Location: Provo Canyon
Float Length: 4.5 mi
Time Required: 2.5 - 3.5 hours (from BYU)
Season: Late May til mid-September
Gear: PFD (life jacket) - REQUIRED BY LAW
Starting below the Deer Creek Reservoir dam and ending at Vivian Park, floating the Provo River is fun and refreshing on a hot summer day. Whether in a tube, on a duckie, or simply in a life jacket, the Provo River quickly moves down the scenic canyon.
Before going, organize your group with a shuttle vehicle and ensure that every member of your group has a Type V whitewater PFD (life jacket). Proper PFDs are required by law and Utah Highway Patrol and the Utah County Sheriff heavily patrol and ticket users on the Provo River.
Look at the forecast; the Provo River feeds from the bottom of Deer Creek Reservoir and is a frigid 40° to 45° year-round. Outside air temperatures of 75° or higher and sunny are highly recommended. Use sunscreen and watch for hypothermia!
Finally, the Provo River current can be fast and dangerous; several deaths have occurred in the past decade because users underestimate the power of the river. Please use caution anytime you are on the river.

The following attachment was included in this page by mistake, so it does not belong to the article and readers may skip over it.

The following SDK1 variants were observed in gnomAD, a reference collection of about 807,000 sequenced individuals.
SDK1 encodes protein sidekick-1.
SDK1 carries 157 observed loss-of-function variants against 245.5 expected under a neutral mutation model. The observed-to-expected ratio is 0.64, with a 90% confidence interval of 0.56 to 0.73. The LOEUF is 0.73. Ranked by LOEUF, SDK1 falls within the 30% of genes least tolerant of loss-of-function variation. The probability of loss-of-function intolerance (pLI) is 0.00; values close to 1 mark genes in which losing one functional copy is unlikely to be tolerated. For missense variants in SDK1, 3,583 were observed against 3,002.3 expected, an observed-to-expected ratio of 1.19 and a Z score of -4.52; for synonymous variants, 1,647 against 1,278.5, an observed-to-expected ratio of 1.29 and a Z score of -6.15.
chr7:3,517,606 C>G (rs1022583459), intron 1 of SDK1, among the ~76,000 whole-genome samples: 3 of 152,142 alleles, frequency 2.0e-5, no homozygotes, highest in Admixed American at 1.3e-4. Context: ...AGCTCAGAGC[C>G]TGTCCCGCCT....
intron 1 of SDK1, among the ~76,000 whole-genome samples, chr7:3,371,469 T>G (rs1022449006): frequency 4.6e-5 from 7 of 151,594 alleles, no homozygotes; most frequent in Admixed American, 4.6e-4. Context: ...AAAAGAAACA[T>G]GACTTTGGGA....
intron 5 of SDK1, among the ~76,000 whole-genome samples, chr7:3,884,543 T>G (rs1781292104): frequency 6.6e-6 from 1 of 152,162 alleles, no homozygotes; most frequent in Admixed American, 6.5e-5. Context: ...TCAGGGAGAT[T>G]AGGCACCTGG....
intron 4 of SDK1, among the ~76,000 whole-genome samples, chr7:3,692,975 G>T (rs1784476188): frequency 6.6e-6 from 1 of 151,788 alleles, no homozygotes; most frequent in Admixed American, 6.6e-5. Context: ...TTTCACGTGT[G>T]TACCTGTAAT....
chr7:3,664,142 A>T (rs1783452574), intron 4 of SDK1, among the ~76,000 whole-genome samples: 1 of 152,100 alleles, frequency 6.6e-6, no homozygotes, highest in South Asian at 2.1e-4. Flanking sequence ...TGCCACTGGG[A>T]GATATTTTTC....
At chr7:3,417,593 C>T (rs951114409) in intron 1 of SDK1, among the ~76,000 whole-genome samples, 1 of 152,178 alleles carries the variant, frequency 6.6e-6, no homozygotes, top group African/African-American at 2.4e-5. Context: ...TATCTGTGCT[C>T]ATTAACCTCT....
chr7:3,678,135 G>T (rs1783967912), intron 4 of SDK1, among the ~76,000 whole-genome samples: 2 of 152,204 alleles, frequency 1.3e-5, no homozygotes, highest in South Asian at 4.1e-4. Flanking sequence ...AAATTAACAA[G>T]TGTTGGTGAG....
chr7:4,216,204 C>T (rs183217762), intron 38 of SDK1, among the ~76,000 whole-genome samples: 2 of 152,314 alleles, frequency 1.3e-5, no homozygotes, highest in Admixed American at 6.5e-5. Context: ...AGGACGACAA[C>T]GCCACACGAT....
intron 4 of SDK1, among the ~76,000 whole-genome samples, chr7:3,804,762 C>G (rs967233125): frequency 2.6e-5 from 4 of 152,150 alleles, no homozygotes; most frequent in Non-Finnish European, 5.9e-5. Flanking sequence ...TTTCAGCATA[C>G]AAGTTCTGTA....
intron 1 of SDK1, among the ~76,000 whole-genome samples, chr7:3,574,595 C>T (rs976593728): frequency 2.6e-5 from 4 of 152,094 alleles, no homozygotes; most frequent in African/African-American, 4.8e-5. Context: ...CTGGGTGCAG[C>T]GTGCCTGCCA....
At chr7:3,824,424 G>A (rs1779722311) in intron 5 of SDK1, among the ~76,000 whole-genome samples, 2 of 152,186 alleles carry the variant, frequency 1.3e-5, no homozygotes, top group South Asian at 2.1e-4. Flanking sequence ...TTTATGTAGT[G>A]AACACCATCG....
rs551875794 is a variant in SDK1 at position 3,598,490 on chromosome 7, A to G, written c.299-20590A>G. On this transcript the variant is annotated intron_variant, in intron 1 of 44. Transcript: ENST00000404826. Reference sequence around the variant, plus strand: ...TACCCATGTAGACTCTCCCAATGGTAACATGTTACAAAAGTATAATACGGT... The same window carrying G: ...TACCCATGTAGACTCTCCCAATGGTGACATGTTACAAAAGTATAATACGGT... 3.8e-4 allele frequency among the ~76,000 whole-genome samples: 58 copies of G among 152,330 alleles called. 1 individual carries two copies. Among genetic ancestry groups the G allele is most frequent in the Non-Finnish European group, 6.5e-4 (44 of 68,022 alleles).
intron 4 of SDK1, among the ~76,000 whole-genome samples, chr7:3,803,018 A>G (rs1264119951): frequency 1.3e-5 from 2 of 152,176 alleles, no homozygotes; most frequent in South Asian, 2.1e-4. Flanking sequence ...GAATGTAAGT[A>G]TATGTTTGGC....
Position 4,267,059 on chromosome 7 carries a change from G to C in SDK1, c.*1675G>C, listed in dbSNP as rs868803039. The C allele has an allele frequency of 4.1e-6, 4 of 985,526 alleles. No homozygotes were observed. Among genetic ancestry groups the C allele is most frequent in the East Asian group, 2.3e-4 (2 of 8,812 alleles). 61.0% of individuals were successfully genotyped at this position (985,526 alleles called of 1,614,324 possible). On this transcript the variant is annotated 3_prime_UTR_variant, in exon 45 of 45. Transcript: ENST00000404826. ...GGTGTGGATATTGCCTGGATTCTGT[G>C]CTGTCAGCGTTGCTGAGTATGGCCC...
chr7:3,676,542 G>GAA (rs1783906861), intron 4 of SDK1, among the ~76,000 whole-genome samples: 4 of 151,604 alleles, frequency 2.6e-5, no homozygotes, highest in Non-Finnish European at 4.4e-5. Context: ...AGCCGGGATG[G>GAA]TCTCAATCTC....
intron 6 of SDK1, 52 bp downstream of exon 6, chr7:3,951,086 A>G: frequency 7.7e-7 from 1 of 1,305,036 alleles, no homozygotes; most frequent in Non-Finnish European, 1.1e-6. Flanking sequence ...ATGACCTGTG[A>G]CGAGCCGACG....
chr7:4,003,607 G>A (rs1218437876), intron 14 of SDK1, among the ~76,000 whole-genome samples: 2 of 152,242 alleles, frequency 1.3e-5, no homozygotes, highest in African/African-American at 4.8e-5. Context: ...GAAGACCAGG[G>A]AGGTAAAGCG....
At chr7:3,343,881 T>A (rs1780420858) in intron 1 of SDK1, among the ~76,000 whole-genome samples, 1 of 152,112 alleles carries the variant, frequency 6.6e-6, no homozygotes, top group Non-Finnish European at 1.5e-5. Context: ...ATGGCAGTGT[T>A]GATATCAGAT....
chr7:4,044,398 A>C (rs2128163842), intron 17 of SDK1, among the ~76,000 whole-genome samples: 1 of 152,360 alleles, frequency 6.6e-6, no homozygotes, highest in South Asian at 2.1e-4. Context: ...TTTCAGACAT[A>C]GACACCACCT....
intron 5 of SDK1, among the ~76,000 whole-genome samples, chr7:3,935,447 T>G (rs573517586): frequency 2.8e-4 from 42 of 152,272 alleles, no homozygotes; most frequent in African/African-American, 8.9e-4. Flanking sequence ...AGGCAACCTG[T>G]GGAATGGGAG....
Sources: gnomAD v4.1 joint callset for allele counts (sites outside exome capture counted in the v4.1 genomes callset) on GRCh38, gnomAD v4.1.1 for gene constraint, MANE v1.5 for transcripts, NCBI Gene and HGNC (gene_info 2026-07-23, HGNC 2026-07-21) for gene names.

Head north on University Avenue into Provo Canyon. At Vivian Park, leave a shuttle car behind and continue up Provo Canyon.
About 4 miles up the road, just before the dam bridge, turn right. Immediately turn left at the T, and descend toward the river bank on the gravel roads. Find parking nearby the small one-lane gravel road bridge. The water is generally calmer on the other side (river left) of the bridge; several eddies exist and it's easiest to put in here. (See detailed map below)
Immediately after putting in beware of the pylons and supports to the bridge. Continue floating down the river, trying to stay in the main river channel. If you fall out of a boat or are floating down without a craft, keep your feet down river and lay as flat as possible to avoid rocks and other obstacles.
The most dangerous obstacle in this section of the Provo River is a railroad trestle halfway down river. Channels through the trestle are frequently blocked with fallen branches and other debris. Pull out before reaching the trestle and walk ~100 yards to the other side.
At Vivian Park, be sure to pull out on the river left side of Vivian Park before going under the South Fork Road bridge. River right is private property. There will be large rocks and concrete blocks to help get out of the water.
Put-In Detail View: